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U.S. Senators Tell Obama ESSA Regulations Are Overreach, Report Says

A bipartisan group of senators wrote to President Barack Obama back in September criticizing proposed U.S. Department of Education regulations for the Every Student Succeeds Act, the Washington Post reports.

According to a letter published by the Post, the 10 senators are concerned about the department's proposed regulations for accountability and for supplement-not-supplant, a spending provision in the law, which was passed by overwhelming margins late last year.

The senators say that neither draft regulation complies with the "plain language" of the law. And they ask for Obama's help in reining the department in.

"Most Americans are grateful for the law, that Congress, working with you, enacted," they wrote. "We urge you to make certain that the Department of Education regulations stay within the statutory text."

For its part, the department has said that its proposed regulations are well within ESSA's parameters and would help strengthen so-called "guardrails" in the law to protect historically overlooked groups of students.

The letter, dated Sept. 30, was signed by a cadre of Republican senators, including Sen. Lamar Alexander of Tennessee, an ESSA architect, as well as Sens. Susan Collins of Maine, Mike Enzi of Wyoming, Orrin Hatch of Utah, and Johnny Isakson of Georgia.

It was also signed by Democrats, most of whom represent Republican-leaning states, including Claire McCaskill of Missouri, Jon Tester of Montana, Joe Manchin of West Virginia, Heidi Heitkamp of North Dakota, and Angus King of Maine, an Independent who organizes with the Democrats.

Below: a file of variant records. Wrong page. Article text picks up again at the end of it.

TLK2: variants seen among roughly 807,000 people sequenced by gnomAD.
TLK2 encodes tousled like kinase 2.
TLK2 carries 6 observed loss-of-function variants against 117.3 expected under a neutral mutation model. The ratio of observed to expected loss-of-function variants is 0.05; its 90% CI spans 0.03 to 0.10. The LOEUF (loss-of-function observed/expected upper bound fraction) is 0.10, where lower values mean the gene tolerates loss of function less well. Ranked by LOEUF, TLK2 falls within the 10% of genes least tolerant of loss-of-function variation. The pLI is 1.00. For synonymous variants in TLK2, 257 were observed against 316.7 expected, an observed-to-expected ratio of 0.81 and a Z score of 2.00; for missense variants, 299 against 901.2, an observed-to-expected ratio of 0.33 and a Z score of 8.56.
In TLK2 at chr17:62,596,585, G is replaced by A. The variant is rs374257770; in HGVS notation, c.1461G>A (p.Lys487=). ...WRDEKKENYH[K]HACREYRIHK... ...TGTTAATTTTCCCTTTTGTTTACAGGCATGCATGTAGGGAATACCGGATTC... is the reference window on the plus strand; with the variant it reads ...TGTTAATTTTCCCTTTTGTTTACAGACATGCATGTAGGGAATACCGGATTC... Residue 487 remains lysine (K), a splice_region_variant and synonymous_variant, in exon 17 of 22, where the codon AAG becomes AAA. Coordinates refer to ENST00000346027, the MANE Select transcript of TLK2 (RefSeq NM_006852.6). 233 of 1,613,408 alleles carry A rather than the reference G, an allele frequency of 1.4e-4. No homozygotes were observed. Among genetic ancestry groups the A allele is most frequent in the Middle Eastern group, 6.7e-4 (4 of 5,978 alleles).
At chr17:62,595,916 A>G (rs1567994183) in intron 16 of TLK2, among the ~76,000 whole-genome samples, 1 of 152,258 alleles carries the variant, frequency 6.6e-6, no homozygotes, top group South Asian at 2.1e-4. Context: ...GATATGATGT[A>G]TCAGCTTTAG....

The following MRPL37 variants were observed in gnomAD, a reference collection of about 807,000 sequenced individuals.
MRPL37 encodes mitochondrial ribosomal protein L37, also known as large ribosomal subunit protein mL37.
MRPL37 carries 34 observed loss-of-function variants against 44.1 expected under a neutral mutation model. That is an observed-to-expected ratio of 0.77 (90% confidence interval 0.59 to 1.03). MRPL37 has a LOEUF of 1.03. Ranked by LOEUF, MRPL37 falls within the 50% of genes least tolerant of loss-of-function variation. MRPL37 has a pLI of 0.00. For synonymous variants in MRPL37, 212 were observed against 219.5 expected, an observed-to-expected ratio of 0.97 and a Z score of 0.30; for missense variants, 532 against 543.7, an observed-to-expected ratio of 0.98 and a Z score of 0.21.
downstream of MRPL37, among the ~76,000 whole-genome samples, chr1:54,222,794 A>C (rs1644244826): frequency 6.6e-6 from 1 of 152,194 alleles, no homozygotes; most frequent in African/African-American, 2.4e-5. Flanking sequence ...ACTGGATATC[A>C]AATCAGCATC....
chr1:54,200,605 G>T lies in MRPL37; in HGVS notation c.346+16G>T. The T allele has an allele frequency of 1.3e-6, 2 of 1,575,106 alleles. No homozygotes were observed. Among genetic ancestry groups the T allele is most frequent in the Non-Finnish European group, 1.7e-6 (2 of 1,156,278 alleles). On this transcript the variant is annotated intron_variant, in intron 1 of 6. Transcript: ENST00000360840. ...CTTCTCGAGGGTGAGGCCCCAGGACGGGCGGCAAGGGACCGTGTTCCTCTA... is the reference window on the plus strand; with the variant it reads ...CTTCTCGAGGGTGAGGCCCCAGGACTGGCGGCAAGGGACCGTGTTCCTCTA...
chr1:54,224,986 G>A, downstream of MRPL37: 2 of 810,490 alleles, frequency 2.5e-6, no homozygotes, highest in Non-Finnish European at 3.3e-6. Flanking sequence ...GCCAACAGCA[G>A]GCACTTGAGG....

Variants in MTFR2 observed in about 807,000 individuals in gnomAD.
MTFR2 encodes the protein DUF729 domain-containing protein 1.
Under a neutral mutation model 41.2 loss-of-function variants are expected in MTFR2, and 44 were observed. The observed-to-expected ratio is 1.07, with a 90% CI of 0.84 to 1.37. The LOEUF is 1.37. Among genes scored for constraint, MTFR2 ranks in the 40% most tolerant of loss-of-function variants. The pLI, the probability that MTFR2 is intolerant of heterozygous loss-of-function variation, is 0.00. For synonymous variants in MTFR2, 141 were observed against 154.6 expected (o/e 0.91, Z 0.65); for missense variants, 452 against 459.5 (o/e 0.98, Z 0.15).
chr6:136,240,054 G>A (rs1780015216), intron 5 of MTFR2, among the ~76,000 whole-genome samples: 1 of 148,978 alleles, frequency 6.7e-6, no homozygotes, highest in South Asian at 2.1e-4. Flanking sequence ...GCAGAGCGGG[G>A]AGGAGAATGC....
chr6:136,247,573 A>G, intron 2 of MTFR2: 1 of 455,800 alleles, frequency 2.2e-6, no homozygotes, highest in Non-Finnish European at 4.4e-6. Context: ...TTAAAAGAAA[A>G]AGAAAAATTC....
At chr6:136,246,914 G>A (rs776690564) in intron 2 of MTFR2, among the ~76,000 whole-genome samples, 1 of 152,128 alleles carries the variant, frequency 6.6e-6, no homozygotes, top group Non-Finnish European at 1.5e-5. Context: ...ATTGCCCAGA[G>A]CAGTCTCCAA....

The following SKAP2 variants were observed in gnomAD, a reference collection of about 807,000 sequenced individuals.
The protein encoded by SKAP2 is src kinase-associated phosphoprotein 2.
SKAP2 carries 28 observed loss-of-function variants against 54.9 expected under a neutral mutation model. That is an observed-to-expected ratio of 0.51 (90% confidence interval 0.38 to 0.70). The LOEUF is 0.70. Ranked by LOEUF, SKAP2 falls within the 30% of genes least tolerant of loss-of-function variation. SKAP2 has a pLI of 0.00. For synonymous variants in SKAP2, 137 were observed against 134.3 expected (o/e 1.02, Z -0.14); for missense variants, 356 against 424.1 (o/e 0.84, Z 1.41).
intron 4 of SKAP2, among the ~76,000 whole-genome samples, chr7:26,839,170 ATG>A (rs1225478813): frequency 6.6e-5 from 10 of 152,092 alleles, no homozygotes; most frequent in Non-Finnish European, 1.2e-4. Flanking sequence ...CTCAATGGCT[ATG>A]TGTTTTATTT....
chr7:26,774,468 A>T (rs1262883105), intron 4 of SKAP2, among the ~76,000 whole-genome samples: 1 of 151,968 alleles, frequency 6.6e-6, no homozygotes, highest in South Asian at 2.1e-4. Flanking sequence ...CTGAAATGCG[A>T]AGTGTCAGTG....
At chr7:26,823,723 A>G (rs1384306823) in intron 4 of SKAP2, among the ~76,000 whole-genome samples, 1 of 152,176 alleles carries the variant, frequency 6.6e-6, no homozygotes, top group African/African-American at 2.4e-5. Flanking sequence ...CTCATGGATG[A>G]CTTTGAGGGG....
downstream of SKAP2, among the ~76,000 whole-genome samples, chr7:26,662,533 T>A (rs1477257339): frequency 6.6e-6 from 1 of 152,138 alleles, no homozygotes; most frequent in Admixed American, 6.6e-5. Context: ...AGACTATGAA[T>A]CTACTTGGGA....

Noteably, that list doesn't include Sen. Patty Murray of Washington, the top Democrat on the Senate education committee. Murray, also an ESSA architect, has generally backed the department up on its regulatory approach.

And it's clear that Murray disagrees with the premise of the letter. "These proposed regulations are within the spirit of ESSA and the congressional intent that we agreed to around that balanced approach," she said in a statement. "I am encouraged to see the Department continuing to gather feedback from stakeholders, including teachers, principals, superintendents, and civil rights groups as it works to implement the law."

Department officials were unable to comment on the substance of the proposed regulations because they are still gathering and considering feedback. 

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